Landsat 5 tumbled out of control and power was at a critical level in the early morning of August 13. The cause for this anomaly is currently unknown and being investigated.
The spacecraft has been stabilized after the USGS Landsat Flight Operations Team initiated recovery operations. Power is still at a critical level, and the extent of damage is yet to be determined. Imaging operations are suspended until further notice.
“Landsat 5 has proven to be a remarkable success and has given the science community important information on land features of the planet,” said USGS Landsat Program manager Kristi Kline. “It was launched in 1984 and designed to last 3 years with a possible extension to five years. Incredibly it is still a valuable resource and by early 2009, it had completed over 129,000 orbits and acquired over 700,000 individual scenes.”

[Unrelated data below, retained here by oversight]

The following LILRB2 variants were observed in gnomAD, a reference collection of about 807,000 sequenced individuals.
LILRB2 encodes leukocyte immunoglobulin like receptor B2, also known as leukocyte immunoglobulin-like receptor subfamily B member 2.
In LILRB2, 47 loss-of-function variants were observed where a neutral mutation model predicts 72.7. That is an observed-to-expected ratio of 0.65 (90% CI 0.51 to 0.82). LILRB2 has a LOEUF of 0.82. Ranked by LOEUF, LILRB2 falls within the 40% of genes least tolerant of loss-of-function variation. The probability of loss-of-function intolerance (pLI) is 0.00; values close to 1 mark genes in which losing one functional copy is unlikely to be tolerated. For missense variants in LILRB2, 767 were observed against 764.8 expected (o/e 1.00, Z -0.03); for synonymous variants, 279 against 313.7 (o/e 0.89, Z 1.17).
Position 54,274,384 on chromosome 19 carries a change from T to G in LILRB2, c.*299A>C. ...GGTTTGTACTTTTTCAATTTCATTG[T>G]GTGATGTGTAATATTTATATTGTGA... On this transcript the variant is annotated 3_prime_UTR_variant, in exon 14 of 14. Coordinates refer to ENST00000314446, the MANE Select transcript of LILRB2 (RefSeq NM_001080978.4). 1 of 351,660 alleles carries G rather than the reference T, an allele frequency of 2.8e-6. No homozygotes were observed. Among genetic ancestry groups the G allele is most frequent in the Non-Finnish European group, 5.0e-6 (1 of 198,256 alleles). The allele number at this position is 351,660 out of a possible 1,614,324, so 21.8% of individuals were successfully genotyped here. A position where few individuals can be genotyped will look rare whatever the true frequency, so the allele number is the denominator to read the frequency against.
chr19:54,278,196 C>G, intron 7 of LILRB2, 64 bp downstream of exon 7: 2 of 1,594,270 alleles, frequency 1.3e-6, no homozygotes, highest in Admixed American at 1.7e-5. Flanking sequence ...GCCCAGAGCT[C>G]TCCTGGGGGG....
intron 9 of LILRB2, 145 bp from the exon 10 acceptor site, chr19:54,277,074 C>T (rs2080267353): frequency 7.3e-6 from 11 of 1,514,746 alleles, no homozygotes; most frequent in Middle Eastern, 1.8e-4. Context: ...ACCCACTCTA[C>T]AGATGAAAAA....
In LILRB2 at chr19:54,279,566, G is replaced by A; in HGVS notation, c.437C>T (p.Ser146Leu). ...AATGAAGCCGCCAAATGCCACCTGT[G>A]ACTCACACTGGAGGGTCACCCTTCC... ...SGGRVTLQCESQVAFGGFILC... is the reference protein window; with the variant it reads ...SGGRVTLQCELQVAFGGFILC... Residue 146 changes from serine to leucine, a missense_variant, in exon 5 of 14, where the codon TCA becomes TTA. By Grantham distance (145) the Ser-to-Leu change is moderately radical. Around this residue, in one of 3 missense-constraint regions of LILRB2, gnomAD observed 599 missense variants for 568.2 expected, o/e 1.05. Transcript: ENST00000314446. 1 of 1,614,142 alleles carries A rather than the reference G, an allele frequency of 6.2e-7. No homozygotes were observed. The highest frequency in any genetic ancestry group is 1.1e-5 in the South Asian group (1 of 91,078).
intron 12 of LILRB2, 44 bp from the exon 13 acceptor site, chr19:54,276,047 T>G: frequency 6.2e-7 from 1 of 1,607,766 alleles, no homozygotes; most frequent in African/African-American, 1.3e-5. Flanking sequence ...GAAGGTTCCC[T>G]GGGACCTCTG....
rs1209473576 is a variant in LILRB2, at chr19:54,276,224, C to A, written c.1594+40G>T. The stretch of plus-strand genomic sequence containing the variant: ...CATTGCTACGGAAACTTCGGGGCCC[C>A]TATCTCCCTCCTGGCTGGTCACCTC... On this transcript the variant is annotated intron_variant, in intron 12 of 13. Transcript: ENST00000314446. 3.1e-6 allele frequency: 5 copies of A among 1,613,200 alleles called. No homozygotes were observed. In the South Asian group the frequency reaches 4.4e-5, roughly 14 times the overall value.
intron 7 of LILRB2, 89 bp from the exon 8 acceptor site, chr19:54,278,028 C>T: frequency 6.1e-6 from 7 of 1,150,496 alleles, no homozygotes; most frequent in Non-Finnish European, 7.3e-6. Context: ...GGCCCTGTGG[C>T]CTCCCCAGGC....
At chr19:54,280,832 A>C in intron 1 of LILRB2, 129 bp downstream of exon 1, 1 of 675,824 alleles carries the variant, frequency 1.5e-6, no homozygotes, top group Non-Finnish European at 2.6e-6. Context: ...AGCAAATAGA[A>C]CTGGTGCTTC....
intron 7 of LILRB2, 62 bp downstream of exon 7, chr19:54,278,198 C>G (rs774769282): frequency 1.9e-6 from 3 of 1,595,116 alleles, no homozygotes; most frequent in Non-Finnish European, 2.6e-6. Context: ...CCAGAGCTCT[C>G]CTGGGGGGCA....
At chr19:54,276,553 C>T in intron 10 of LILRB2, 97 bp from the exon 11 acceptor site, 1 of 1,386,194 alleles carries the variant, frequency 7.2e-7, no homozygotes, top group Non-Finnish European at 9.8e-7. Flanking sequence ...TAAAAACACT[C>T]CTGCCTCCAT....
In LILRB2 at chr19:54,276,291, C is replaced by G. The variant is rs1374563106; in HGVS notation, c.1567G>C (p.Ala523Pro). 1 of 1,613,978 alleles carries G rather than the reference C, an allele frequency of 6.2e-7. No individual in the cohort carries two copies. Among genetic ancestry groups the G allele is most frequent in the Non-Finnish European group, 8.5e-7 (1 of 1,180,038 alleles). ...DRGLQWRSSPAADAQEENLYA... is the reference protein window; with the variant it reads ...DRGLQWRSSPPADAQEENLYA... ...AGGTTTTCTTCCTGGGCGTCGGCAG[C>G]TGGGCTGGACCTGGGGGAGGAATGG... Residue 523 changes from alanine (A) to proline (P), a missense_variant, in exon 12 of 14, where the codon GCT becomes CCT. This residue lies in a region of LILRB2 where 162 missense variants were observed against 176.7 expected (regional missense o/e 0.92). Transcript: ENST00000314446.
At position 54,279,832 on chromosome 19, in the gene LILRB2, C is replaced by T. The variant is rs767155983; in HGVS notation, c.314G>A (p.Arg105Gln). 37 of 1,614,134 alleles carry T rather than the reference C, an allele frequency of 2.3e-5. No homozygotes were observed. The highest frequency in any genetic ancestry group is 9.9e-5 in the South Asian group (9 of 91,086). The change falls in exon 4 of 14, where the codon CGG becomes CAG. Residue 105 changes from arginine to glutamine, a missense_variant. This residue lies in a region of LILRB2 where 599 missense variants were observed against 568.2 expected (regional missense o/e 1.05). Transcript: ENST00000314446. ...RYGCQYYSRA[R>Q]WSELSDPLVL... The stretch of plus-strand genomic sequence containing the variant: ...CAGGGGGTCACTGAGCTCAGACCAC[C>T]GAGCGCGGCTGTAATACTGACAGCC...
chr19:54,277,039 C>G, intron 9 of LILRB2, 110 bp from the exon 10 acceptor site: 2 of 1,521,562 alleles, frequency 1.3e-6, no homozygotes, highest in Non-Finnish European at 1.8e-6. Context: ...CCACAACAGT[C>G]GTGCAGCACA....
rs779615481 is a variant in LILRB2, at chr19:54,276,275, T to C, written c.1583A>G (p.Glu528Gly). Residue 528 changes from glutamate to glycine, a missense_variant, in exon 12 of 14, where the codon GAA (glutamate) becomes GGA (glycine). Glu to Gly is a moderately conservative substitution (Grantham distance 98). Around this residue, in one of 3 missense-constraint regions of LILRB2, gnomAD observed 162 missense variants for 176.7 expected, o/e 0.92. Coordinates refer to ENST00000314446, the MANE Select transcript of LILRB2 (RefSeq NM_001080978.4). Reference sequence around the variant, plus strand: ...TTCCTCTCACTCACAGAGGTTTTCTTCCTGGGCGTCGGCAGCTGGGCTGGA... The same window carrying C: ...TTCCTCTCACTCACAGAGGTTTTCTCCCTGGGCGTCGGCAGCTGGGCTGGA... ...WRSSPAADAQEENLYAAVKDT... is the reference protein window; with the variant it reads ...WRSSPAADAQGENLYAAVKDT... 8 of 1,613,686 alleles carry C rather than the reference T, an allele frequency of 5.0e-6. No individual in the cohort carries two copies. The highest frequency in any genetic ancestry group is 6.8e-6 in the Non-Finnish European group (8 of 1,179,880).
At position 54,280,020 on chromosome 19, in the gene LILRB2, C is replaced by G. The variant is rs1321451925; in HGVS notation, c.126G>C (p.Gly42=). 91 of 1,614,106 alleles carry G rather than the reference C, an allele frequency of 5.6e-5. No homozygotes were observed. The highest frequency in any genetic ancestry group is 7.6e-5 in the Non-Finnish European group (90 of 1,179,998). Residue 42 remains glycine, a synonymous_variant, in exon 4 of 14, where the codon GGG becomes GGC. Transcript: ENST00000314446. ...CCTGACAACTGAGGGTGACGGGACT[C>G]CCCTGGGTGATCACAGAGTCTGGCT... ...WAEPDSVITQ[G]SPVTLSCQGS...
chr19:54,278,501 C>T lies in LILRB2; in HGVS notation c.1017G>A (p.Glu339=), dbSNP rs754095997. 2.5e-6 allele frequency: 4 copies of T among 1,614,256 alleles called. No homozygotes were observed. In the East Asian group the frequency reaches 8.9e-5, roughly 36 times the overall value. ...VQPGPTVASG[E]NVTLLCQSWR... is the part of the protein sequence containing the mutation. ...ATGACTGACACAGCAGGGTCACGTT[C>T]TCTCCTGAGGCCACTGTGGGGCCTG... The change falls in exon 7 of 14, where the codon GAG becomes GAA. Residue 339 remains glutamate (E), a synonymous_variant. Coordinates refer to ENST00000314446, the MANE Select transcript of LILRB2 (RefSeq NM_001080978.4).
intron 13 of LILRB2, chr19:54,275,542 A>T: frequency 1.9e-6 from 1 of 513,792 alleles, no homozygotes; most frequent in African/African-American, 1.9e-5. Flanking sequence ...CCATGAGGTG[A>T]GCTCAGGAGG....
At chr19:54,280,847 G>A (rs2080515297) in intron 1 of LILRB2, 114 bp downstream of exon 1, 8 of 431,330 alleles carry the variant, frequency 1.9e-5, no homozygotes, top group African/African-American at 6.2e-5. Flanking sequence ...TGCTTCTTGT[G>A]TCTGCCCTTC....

Landsat 5 provided data demonstrating alterations over the Chernobyl region after the nuclear power plant eruption, de-forestation of tropical rain forests, drought and flooding in the Mississippi River basin, construction of the Three Gorges dam in China, shrinking of the Aral Sea, Northern Wisconsin after a tornado pass, the impact of Hurricanes Katrina and Rita, and countless forest and wildfire outbreaks.
For more information about Landsat 5 and others in the Landsat series, visit the USGS Landsat Missions Web site.
The Pale Blue Dot Visualization Challenge—aimed at making Earth observation data accessible to everyone—has officially kicked off.